Memorial Community Hospital and Health System (MCH&HS) Respiratory Therapist Del McDonald inserted a tube down the patient's throat.
The patient was awake earlier and told McDonald and three other MCH&HS health professionals she felt fatigue shortness of breath and swelling in her ankles. But when her conditioned worsened, the insertion of the assistive breathing device became warranted.
This particular patient, though able to talk and display other realistic vital signs, was a mannequin. She was part of one of two respiratory distress situations MCH&HS staff navigated during specialized training with the University of Nebraska Medical Center's Simulation in Motion-Nebraska (SIM-NE) program.
The program situations are conducted in a more than 40-foot long truck that provides a variety of mobile and realistic training experiences aimed at enhancing life-saving skills for rural medical and emergency personnel.
"It's really hard to take staff out of an already understaffed area and make them go to a larger city to have access to this training, so that's why we're here," said C.J. Prewitt, the northeast regional coordinator for SIM-NE. "This is a safe, fun environment."
The other respiratory training scenario that nearly 10 groups of around four medical professionals encountered Monday was a young boy with a history of asthma who began having trouble breathing after playing in a dusty attic.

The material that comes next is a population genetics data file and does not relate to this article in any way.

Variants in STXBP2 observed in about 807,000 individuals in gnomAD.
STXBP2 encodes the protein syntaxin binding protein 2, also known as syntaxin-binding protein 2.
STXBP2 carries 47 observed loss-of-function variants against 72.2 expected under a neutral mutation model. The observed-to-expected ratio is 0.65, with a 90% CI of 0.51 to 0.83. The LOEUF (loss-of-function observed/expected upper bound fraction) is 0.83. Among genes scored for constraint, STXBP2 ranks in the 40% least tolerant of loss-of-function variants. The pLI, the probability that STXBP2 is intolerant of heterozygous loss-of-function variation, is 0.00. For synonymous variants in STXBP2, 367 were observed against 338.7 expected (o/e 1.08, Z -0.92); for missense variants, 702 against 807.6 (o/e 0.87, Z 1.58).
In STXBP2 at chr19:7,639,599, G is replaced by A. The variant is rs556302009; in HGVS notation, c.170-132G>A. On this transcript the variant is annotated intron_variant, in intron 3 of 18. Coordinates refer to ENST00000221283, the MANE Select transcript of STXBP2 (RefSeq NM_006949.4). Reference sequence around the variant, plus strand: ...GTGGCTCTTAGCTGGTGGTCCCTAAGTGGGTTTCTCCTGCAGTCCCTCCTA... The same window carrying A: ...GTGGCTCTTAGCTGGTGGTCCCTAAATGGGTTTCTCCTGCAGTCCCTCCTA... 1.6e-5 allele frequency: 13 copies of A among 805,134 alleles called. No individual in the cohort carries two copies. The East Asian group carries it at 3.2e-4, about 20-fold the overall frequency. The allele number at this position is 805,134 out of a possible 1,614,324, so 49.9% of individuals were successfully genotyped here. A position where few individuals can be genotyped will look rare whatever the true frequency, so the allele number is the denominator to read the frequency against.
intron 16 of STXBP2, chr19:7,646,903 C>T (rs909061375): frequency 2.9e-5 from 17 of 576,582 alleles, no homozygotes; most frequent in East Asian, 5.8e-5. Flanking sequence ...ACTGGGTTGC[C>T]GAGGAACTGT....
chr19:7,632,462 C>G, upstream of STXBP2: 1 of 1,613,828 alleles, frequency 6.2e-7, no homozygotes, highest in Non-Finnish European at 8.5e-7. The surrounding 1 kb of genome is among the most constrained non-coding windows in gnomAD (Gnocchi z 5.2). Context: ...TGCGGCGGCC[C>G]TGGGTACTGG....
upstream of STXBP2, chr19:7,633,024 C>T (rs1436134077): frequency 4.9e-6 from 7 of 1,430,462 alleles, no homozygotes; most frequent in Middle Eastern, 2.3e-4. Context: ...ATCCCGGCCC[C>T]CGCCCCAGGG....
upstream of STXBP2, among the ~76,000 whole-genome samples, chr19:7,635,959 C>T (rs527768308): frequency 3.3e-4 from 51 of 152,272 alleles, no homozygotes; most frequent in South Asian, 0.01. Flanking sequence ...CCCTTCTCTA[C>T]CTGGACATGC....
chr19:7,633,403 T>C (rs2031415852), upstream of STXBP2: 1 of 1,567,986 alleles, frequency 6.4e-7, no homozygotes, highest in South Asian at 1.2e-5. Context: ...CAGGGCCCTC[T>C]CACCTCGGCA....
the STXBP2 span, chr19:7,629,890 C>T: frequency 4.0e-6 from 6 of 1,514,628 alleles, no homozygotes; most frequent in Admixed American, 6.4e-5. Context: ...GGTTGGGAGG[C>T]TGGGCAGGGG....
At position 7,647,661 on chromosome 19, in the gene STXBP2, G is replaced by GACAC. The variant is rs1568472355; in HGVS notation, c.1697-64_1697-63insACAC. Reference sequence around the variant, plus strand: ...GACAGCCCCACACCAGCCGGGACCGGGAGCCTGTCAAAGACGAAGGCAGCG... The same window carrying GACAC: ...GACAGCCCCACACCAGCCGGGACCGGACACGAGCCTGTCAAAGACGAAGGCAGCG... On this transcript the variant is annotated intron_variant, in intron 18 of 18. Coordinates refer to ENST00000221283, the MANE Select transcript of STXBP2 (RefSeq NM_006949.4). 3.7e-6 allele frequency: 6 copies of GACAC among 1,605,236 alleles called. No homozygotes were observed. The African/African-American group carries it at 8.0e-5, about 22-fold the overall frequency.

SIM-NE participants are only given the type of information that they might receive during a dispatch call in an ambulance or when the patient arrives at the hospital, such as a history of asthma or symptoms of shortness of breath and fatigue. They then must decide what medical decisions to make to help the patient.
"They'll get either their dispatch information if they're in the back on the ambulance side or we'll say, you're patient came into the ER and presented like this," Prewitt said. "That's what they get and then they do their assessments on it. We're really focused on training how we treat."
The mannequins the participants treat generally react similarly to real human patients. They carry pulses, have eyes that respond to light and make lung and heart beat sounds. Vital signs also respond to decisions medical personnel make.
Prewitt said medical professionals trained on unresponsive mannequins for many years, when vitals were told to trainees rather than them actually checking the patient.
"That's not how we treat patients," Prewitt said. "We literally touch the patient and physically assess the patient, and that's how we're trying to get them to train now."